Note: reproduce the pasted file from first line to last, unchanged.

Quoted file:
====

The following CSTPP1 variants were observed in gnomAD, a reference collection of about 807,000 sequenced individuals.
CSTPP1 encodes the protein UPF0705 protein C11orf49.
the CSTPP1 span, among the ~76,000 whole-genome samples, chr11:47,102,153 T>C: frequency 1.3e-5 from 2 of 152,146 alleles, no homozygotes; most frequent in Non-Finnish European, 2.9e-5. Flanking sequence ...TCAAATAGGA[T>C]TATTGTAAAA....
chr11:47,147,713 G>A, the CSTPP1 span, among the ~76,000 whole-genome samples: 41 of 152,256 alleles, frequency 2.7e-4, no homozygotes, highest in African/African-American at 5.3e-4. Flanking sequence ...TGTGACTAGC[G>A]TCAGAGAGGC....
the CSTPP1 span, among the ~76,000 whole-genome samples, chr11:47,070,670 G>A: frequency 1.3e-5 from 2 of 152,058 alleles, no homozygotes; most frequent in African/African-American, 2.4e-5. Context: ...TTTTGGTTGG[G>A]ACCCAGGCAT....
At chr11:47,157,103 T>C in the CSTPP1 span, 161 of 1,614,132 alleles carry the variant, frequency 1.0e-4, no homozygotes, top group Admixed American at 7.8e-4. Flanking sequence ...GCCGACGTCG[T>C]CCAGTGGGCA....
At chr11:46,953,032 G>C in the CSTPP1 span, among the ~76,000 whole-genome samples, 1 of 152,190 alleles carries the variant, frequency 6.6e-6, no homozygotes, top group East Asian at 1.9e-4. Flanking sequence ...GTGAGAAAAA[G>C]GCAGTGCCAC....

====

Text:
The following CSTPP1 variants were observed in gnomAD, a reference collection of about 807,000 sequenced individuals.
CSTPP1 encodes the protein UPF0705 protein C11orf49.
the CSTPP1 span, among the ~76,000 whole-genome samples, chr11:47,102,153 T>C: frequency 1.3e-5 from 2 of 152,146 alleles, no homozygotes; most frequent in Non-Finnish European, 2.9e-5. Flanking sequence ...TCAAATAGGA[T>C]TATTGTAAAA....
chr11:47,147,713 G>A, the CSTPP1 span, among the ~76,000 whole-genome samples: 41 of 152,256 alleles, frequency 2.7e-4, no homozygotes, highest in African/African-American at 5.3e-4. Flanking sequence ...TGTGACTAGC[G>A]TCAGAGAGGC....
the CSTPP1 span, among the ~76,000 whole-genome samples, chr11:47,070,670 G>A: frequency 1.3e-5 from 2 of 152,058 alleles, no homozygotes; most frequent in African/African-American, 2.4e-5. Context: ...TTTTGGTTGG[G>A]ACCCAGGCAT....
At chr11:47,157,103 T>C in the CSTPP1 span, 161 of 1,614,132 alleles carry the variant, frequency 1.0e-4, no homozygotes, top group Admixed American at 7.8e-4. Flanking sequence ...GCCGACGTCG[T>C]CCAGTGGGCA....
At chr11:46,953,032 G>C in the CSTPP1 span, among the ~76,000 whole-genome samples, 1 of 152,190 alleles carries the variant, frequency 6.6e-6, no homozygotes, top group East Asian at 1.9e-4. Flanking sequence ...GTGAGAAAAA[G>C]GCAGTGCCAC....